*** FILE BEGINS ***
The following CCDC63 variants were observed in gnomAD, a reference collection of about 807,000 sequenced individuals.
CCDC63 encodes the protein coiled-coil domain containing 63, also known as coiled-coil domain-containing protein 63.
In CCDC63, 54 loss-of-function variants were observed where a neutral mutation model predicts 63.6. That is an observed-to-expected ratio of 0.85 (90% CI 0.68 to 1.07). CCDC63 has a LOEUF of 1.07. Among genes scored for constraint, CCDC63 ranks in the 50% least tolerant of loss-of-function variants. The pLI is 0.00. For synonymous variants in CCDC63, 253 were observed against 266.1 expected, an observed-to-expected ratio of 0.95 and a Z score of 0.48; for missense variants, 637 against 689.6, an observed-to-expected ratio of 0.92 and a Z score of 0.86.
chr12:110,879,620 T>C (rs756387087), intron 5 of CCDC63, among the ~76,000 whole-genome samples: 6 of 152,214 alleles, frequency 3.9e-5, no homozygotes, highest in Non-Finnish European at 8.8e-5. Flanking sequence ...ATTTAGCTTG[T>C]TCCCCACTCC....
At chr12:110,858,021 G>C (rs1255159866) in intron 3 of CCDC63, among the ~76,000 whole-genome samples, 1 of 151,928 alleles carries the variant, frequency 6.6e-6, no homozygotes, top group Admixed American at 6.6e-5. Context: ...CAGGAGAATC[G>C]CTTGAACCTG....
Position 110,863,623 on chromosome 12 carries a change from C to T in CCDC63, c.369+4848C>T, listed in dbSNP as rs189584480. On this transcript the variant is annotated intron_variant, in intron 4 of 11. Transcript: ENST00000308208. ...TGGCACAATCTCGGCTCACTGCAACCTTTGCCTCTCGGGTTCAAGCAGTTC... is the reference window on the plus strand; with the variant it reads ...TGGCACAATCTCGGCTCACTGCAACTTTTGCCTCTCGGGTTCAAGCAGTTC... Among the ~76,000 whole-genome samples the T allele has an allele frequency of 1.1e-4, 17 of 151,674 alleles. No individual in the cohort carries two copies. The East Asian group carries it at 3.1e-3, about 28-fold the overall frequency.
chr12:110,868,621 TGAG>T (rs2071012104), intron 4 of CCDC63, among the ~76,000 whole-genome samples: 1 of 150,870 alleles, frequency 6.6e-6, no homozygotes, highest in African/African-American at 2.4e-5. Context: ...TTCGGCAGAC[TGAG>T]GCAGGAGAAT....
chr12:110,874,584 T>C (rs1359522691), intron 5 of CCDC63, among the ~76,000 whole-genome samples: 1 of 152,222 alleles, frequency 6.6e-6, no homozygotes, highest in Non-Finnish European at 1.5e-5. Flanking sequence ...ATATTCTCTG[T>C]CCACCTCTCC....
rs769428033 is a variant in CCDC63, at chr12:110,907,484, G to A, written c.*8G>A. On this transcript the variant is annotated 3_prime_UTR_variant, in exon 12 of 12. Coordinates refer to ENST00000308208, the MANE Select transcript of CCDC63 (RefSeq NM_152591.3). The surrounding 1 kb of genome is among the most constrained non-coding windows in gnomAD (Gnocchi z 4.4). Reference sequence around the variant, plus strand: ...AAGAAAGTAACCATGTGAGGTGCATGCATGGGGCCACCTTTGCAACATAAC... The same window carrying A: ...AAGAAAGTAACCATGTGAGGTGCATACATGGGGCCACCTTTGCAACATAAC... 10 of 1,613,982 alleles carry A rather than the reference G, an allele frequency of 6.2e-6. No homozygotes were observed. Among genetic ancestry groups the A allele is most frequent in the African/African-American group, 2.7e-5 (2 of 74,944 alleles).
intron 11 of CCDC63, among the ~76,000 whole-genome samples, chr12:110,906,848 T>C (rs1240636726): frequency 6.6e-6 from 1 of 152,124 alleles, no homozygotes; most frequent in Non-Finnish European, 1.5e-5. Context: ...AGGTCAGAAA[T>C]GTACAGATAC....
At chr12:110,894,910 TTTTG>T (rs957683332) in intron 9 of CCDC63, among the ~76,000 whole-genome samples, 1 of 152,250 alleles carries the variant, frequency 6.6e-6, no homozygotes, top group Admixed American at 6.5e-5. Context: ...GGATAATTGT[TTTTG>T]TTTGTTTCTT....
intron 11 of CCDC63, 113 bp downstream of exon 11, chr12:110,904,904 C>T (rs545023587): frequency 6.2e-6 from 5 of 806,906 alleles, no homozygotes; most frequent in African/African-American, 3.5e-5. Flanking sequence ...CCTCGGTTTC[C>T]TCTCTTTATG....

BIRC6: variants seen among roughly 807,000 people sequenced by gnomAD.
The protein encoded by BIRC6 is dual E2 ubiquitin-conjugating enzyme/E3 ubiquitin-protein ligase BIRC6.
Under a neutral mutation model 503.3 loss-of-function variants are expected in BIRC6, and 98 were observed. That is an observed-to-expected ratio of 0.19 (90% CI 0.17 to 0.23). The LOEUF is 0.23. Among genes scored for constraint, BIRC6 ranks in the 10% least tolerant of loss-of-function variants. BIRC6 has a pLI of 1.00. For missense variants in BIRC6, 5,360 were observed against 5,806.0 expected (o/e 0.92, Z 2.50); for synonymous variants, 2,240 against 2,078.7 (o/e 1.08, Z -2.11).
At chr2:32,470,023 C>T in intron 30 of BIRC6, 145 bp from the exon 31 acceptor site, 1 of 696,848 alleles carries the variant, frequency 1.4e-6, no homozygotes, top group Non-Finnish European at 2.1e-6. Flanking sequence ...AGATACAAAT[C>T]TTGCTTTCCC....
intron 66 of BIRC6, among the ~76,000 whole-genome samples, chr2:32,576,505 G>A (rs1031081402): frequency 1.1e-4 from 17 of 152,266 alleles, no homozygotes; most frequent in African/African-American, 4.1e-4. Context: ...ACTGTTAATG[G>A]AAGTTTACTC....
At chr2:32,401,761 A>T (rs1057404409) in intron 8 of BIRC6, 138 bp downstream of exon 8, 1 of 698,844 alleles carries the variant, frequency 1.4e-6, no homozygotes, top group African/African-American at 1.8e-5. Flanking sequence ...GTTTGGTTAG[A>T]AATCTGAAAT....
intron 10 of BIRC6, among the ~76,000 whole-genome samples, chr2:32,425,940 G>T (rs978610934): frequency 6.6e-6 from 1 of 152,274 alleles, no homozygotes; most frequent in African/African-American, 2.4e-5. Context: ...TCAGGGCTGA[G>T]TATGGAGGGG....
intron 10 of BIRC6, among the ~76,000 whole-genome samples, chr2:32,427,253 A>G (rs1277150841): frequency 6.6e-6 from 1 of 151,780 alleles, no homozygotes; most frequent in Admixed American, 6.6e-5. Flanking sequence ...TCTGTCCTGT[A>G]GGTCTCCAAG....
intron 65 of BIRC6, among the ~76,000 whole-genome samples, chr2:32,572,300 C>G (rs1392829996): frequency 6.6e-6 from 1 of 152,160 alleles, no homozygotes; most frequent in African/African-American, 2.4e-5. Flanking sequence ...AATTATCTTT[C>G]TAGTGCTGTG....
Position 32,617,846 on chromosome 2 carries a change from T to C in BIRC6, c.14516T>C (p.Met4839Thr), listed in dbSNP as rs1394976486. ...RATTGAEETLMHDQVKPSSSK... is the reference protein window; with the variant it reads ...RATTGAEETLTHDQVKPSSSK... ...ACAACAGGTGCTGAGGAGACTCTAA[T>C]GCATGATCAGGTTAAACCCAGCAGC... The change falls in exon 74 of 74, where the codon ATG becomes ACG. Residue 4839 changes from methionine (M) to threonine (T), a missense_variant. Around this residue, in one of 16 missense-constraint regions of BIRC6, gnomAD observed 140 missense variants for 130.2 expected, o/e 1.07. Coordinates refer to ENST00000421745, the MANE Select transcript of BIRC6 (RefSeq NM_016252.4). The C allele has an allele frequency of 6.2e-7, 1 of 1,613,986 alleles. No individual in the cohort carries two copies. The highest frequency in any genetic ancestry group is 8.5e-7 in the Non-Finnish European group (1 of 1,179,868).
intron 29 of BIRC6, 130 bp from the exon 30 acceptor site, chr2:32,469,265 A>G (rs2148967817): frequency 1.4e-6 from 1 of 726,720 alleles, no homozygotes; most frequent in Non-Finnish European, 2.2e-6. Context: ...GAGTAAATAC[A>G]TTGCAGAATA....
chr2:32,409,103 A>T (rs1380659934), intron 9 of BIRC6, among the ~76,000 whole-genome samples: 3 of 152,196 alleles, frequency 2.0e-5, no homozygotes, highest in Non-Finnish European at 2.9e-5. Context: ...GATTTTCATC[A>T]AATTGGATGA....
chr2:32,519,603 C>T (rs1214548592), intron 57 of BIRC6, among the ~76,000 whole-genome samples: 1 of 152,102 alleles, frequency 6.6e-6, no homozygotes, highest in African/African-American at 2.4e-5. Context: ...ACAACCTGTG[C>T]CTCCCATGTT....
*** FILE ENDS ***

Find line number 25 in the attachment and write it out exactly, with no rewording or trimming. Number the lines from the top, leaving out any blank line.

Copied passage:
chr2:32,519,603 C>T (rs1214548592), intron 57 of BIRC6, among the ~76,000 whole-genome samples: 1 of 152,102 alleles, frequency 6.6e-6, no homozygotes, highest in African/African-American at 2.4e-5. Context: ...ACAACCTGTG[C>T]CTCCCATGTT....